R. Kelly believed he could lie about his sexual predation and bury the allegations against him with an endless supply of cash, distractions and legal maneuvering. For more than two decades, he was absolutely right. But this week, his victims finally found justice.
In the 1990s, his marriage to a teenager was only a minor scandal, and in 2002, a video of him having sex with and urinating on a 14-year-old girl was widely consumed purely as entertainment and fodder for comedy routines. It has been more than a decade since he was acquitted on charges of child pornography in connection with that video — not because there was real doubt that he had abused a young girl, but because the jury chose not to believe the 14 witnesses, including her aunt, who came forward to identify her.
This week, a jury in the Eastern District of New York convicted Mr. Kelly of eight counts of sex trafficking and one of racketeering. He is still awaiting trial on charges related to child pornography, obstruction of justice and prostitution in Illinois and Minnesota. Certainly, this conviction is something of a milestone, but the sobering fact remains that it took a mountain of evidence accumulated from dozens of courageous women testifying to decades of abuse to make it remotely possible. And even this would not have happened without the tireless work of the #MuteRKelly movement spearheaded by Kenyette Tisha Barnes and Oronike Odeleye, the January 2019 release of Dream Hampton’s documentary “Surviving R. Kelly”and popular culture’s broader reckoning with the pattern of sexual violence perpetrated by powerful men.
In a just world, Mr. Kelly’s conviction would herald a transformative moment in the treatment of Black women and girls in our society. This story would be about more than a once-untouchable entertainer’s fall from grace. But if the interplay of racism and misogyny that facilitates the abuse of Black women and girls continues to be taken for granted as background noise, the opportunity to correct the wider historical wrongs that this shameful saga represents will pass. Until we confront the full weight of Black women’s intersectional vulnerability, these crimes of commission and omission will remain indefensibly common.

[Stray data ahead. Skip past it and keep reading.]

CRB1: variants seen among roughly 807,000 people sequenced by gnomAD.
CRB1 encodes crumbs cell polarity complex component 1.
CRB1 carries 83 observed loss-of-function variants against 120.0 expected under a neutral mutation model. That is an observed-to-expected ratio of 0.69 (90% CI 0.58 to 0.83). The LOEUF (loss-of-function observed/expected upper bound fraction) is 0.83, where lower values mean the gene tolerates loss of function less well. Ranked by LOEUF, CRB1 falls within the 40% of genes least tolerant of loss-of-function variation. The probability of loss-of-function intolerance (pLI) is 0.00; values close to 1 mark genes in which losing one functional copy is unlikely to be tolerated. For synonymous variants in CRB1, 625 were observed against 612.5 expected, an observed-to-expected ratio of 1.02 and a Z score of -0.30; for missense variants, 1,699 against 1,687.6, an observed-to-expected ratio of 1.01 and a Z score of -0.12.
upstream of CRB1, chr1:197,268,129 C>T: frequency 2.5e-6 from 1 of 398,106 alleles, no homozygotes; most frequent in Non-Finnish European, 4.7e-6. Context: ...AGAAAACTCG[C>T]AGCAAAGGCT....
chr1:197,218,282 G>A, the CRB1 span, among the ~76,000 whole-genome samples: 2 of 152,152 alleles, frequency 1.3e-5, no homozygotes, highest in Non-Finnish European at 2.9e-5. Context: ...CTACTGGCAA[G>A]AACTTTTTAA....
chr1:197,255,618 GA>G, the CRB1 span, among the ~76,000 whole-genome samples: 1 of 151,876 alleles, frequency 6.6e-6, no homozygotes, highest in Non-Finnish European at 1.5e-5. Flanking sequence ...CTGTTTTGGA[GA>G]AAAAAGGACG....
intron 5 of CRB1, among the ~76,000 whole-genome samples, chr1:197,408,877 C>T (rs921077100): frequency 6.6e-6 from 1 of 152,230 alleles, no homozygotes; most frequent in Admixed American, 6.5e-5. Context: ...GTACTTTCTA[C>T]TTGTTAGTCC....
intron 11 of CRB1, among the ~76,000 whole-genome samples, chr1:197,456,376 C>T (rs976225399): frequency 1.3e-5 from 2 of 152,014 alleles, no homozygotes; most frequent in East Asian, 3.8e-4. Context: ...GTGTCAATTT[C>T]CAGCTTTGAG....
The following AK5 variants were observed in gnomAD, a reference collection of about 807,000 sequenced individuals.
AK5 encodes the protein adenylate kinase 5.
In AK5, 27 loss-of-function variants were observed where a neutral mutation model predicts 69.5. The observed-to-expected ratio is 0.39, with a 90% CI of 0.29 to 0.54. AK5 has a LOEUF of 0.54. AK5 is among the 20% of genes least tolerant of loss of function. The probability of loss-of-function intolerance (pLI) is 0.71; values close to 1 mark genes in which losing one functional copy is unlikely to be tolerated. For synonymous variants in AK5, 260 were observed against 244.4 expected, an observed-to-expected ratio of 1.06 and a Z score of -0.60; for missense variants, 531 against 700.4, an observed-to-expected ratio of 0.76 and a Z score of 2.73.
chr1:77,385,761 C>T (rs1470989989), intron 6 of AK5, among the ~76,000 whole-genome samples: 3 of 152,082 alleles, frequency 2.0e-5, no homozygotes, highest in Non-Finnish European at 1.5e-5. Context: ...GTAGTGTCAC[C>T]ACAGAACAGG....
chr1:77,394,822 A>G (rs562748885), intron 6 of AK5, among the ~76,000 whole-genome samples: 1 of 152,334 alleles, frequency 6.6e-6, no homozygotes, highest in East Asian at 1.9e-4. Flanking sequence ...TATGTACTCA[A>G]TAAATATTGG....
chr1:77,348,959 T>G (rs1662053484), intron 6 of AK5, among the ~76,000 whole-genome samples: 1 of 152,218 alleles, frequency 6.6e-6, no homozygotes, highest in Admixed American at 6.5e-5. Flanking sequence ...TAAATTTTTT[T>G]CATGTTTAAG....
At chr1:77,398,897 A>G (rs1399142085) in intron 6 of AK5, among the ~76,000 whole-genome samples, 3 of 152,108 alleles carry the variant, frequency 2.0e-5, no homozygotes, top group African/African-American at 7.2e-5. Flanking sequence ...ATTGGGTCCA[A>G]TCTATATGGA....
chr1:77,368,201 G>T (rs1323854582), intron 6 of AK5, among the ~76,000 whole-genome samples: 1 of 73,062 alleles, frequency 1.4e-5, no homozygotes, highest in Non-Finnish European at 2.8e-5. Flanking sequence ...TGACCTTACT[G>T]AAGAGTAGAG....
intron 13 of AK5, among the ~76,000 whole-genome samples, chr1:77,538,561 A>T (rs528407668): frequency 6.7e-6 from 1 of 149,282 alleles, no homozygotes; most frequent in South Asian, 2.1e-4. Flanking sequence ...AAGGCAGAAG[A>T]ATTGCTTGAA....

The long and arduous fight to hold Mr. Kelly accountable for the crimes he committed against Black women and girls points to a broader cultural and legal consensus that enabled his predations. Mr. Kelly compiled a long roster of victims, not merely thanks to his celebrity and wealth, but also because he knew he could prey with impunity on a group of women who were exceptionally vulnerable. Mr. Kelly’s victims were hiding in plain sight throughout his long and destructive tour of abuse for the simple reason that people in the overlapping worlds of entertainment, law and media have been trained to see Black girls and women as dispensable.
State efforts to bring Mr. Kelly to justice were either ineffective or nonexistent until in Illinois, the Cook County state’s attorney, Kim Foxx, encouraged his victims to come forward and federal prosecutors in Brooklyn decided to frame his crimes as a racketeering enterprise under the RICO Act. But Mr. Kelly was the linchpin in a vast cultural conspiracy that went beyond his criminal racketeering: Millions of fans continued to underwrite his lifestyle, buying his music and attending his concerts; hundreds of people in Mr. Kelly’s “entourage” facilitated his pattern of abuse; artists and entertainment executives ignored it; and media covered for him. They saw these women and girls as little more than props, whose abuse helped build Mr. Kelly’s sultry brand.